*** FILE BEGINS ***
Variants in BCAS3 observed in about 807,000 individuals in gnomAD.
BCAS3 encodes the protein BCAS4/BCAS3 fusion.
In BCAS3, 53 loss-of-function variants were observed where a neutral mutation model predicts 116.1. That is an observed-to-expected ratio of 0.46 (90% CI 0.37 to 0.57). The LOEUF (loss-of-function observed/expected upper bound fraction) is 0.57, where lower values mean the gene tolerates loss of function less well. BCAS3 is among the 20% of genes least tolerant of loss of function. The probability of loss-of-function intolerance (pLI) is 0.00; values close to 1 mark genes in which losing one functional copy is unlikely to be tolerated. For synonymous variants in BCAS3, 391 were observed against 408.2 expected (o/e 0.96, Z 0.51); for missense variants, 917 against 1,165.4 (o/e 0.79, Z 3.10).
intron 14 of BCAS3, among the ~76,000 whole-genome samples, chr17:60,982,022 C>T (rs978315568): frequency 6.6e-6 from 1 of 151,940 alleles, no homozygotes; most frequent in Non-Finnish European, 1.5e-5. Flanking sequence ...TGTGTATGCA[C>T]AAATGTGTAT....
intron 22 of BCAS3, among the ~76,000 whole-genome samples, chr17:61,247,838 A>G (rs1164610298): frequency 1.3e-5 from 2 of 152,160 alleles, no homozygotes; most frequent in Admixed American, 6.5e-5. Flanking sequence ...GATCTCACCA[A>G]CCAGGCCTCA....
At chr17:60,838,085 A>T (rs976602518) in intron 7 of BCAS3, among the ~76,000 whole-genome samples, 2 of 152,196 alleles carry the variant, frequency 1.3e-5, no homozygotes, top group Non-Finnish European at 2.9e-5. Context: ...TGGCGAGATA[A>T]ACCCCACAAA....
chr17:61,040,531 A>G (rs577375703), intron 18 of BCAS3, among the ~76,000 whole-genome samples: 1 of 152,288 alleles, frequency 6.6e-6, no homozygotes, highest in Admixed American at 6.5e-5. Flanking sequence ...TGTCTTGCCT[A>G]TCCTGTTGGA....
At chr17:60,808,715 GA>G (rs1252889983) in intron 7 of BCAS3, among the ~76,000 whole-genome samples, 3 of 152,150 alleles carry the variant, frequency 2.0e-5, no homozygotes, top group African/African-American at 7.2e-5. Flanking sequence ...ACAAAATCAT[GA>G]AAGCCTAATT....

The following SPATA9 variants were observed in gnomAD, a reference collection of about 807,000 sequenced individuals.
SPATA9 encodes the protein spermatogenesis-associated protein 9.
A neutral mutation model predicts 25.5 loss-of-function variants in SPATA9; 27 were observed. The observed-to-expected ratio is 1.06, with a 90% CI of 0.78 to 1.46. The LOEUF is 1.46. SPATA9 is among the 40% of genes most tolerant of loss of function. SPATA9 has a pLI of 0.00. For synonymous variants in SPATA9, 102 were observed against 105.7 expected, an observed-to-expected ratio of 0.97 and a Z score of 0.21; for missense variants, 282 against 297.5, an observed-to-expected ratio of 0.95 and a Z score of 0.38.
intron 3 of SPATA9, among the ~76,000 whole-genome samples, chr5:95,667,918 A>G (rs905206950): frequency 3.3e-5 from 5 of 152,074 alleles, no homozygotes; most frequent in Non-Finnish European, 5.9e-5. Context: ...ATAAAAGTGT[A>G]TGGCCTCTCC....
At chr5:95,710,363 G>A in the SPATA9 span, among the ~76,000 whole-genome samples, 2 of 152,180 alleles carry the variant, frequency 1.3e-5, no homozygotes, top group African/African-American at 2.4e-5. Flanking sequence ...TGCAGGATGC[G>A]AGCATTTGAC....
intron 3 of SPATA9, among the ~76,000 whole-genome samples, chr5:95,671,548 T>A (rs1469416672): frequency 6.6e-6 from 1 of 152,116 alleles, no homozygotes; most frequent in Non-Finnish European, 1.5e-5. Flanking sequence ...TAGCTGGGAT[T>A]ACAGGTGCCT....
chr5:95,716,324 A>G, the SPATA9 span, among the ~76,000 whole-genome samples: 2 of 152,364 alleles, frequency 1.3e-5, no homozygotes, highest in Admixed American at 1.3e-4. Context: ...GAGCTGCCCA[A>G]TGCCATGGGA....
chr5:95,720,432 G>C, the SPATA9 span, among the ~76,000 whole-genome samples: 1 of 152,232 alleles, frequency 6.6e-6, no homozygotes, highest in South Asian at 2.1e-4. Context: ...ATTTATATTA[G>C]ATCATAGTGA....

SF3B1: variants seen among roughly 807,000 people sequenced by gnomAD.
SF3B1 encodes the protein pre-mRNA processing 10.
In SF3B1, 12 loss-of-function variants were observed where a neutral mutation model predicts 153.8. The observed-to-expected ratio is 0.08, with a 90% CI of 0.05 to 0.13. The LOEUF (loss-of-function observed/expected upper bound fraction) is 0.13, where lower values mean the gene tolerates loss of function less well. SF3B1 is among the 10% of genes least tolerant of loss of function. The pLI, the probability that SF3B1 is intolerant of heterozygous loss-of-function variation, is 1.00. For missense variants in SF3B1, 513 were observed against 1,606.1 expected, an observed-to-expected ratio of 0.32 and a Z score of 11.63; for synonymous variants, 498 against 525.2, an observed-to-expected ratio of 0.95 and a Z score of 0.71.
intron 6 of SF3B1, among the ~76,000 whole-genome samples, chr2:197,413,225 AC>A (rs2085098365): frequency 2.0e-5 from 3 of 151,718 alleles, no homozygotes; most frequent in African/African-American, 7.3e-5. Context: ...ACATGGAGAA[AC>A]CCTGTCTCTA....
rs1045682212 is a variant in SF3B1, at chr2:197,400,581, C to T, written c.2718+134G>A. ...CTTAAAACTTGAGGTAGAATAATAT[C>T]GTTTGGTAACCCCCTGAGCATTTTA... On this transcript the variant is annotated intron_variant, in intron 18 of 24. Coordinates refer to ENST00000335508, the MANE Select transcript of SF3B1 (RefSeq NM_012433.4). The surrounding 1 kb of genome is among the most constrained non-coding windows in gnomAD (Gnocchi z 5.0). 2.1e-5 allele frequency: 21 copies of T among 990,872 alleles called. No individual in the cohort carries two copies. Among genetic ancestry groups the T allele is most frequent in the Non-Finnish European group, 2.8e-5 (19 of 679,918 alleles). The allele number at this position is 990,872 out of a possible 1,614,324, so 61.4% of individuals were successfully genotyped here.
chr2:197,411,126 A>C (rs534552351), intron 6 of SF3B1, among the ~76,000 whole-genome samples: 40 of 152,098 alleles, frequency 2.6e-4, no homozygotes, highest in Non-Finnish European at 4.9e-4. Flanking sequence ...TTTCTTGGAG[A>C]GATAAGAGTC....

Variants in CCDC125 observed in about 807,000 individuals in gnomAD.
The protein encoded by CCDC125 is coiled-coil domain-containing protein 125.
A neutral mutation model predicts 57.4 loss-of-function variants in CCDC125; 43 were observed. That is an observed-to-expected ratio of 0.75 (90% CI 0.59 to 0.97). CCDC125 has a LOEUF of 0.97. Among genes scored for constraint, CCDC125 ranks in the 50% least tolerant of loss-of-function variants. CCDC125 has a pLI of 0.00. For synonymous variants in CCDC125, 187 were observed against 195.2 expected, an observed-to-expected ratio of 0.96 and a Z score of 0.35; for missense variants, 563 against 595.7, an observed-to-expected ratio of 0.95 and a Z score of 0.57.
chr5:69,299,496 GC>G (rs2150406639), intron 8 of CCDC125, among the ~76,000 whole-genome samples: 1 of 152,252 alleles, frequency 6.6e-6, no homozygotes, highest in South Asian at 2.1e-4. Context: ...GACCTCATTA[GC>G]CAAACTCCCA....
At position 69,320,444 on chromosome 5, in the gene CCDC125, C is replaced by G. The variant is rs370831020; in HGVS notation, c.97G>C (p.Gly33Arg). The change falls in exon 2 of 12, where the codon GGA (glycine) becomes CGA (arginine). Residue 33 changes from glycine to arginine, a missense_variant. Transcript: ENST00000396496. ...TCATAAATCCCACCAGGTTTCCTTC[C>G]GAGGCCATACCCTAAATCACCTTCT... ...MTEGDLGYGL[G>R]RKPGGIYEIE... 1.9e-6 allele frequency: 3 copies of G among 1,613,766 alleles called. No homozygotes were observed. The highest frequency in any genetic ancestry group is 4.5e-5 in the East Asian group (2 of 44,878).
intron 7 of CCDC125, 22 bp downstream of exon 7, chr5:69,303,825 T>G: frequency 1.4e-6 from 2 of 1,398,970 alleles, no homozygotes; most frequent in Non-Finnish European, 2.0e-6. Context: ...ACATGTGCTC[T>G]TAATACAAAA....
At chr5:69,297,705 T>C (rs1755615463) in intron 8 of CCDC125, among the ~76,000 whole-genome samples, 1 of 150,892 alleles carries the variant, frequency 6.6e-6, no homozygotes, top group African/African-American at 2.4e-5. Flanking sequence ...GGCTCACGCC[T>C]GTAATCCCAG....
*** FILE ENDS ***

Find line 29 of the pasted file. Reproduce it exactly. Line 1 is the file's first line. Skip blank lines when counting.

At chr5:69,297,705 T>C (rs1755615463) in intron 8 of CCDC125, among the ~76,000 whole-genome samples, 1 of 150,892 alleles carries the variant, frequency 6.6e-6, no homozygotes, top group African/African-American at 2.4e-5. Flanking sequence ...GGCTCACGCC[T>C]GTAATCCCAG....